The interventions were well reported. The pragmatic approach to COPD usual care, in which the treatments were not prespecified, was likely to have represented the usual practice.
The reporting of the clinical effectiveness data was sufficient. The authors acknowledged that there were small baseline differences between the intervention groups, but they did not report controlling for them. The effect of adjusting for baseline differences on the results of the analysis, is unknown. They acknowledged that the small number of participants and short time frame made it difficult to ascertain the long-term benefits of BELLA. Patient records were analysed on an available-case basis, which could bias the results as it is unknown why cases were missing, but the rates of missing cases were similar for both groups, and data were imputed in the sensitivity analysis.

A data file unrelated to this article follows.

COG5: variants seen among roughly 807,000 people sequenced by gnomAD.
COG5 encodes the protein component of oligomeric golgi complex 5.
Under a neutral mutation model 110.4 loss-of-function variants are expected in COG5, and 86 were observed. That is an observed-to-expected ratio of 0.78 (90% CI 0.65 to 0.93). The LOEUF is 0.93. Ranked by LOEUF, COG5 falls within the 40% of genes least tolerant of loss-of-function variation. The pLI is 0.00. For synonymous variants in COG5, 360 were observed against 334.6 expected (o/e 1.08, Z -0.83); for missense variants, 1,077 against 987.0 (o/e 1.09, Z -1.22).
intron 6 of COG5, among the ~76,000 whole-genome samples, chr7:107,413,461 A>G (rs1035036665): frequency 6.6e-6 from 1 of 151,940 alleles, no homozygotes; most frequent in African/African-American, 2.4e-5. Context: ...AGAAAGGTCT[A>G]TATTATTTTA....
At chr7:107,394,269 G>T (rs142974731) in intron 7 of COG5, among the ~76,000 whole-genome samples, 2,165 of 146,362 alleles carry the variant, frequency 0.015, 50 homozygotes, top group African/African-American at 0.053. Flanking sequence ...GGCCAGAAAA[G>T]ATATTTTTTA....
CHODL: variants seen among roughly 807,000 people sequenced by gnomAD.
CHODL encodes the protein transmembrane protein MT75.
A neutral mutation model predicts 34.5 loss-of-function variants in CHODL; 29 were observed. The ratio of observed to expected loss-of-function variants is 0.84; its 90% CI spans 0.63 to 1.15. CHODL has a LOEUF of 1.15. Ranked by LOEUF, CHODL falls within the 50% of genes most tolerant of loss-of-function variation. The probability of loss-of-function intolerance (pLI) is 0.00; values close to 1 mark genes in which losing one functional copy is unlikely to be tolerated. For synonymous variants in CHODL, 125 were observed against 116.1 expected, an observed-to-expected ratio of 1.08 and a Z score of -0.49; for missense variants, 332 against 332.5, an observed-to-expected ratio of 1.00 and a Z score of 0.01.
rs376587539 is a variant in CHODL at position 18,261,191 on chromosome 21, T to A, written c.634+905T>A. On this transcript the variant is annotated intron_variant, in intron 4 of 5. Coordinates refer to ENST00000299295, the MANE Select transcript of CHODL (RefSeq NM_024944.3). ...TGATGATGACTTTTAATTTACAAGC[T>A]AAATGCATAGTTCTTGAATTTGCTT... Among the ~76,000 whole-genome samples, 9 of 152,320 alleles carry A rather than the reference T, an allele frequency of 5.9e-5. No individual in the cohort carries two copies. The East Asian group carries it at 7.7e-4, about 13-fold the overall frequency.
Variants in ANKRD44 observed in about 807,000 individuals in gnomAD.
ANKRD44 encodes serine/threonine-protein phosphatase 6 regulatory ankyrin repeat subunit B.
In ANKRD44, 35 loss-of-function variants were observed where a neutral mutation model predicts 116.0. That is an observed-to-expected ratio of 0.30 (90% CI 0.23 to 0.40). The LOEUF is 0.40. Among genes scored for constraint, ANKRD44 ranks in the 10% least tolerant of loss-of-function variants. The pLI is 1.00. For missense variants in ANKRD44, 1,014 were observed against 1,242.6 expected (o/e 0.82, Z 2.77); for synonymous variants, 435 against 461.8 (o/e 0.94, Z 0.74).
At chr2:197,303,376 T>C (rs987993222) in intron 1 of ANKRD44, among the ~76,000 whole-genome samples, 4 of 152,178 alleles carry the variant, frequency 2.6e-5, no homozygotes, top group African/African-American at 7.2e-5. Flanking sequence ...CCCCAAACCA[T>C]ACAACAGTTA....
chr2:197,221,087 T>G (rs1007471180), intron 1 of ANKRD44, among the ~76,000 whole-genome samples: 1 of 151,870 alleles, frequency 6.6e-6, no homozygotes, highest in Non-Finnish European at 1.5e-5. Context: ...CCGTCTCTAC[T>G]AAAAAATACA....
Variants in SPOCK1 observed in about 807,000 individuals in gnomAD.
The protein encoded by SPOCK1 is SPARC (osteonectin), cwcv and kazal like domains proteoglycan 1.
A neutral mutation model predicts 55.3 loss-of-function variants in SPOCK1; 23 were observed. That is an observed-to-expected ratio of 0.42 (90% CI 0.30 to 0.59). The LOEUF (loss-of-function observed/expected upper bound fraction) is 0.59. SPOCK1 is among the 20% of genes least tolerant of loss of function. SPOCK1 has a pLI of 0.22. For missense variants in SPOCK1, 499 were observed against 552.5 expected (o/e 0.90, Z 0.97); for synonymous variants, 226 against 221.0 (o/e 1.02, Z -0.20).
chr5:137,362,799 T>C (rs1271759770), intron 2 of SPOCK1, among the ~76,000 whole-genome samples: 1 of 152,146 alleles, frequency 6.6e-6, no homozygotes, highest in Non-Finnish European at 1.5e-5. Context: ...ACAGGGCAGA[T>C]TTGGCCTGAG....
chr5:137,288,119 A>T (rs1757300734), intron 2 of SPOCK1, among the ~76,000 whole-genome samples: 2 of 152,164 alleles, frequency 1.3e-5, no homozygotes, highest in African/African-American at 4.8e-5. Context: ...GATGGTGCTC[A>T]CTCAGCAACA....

The costs were reported in detail, with separate resource items and unit costs, using event data from the trial and appropriate UK reference costs. They appear to have been appropriate for the stated health care perspective. The price year was not explicitly reported, but the cost sources all related to 2008. The longest follow-up was six months, so discounting was not necessary. The authors acknowledged that the data were short term.
Analysis and results: